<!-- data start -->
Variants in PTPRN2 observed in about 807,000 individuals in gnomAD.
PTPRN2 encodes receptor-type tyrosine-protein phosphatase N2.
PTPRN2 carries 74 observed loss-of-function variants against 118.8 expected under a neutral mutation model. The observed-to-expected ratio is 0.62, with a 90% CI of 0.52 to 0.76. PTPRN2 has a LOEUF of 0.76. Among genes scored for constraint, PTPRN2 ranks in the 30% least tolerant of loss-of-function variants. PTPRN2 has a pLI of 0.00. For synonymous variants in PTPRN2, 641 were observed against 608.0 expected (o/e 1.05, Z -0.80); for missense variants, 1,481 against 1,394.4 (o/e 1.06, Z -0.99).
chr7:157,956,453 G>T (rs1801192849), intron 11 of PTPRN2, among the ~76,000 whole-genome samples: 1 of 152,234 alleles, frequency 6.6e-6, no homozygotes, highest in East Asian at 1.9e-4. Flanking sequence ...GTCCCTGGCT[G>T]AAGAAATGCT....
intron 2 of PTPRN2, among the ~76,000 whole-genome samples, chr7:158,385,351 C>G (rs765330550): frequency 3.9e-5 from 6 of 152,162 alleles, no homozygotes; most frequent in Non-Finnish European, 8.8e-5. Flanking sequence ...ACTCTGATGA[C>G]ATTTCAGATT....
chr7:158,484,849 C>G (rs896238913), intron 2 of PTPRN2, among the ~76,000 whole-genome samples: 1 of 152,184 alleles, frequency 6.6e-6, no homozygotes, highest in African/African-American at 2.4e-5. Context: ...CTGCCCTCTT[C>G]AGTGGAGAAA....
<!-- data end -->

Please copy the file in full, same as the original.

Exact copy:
Variants in PTPRN2 observed in about 807,000 individuals in gnomAD.
PTPRN2 encodes receptor-type tyrosine-protein phosphatase N2.
PTPRN2 carries 74 observed loss-of-function variants against 118.8 expected under a neutral mutation model. The observed-to-expected ratio is 0.62, with a 90% CI of 0.52 to 0.76. PTPRN2 has a LOEUF of 0.76. Among genes scored for constraint, PTPRN2 ranks in the 30% least tolerant of loss-of-function variants. PTPRN2 has a pLI of 0.00. For synonymous variants in PTPRN2, 641 were observed against 608.0 expected (o/e 1.05, Z -0.80); for missense variants, 1,481 against 1,394.4 (o/e 1.06, Z -0.99).
chr7:157,956,453 G>T (rs1801192849), intron 11 of PTPRN2, among the ~76,000 whole-genome samples: 1 of 152,234 alleles, frequency 6.6e-6, no homozygotes, highest in East Asian at 1.9e-4. Flanking sequence ...GTCCCTGGCT[G>T]AAGAAATGCT....
intron 2 of PTPRN2, among the ~76,000 whole-genome samples, chr7:158,385,351 C>G (rs765330550): frequency 3.9e-5 from 6 of 152,162 alleles, no homozygotes; most frequent in Non-Finnish European, 8.8e-5. Flanking sequence ...ACTCTGATGA[C>G]ATTTCAGATT....
chr7:158,484,849 C>G (rs896238913), intron 2 of PTPRN2, among the ~76,000 whole-genome samples: 1 of 152,184 alleles, frequency 6.6e-6, no homozygotes, highest in African/African-American at 2.4e-5. Context: ...CTGCCCTCTT[C>G]AGTGGAGAAA....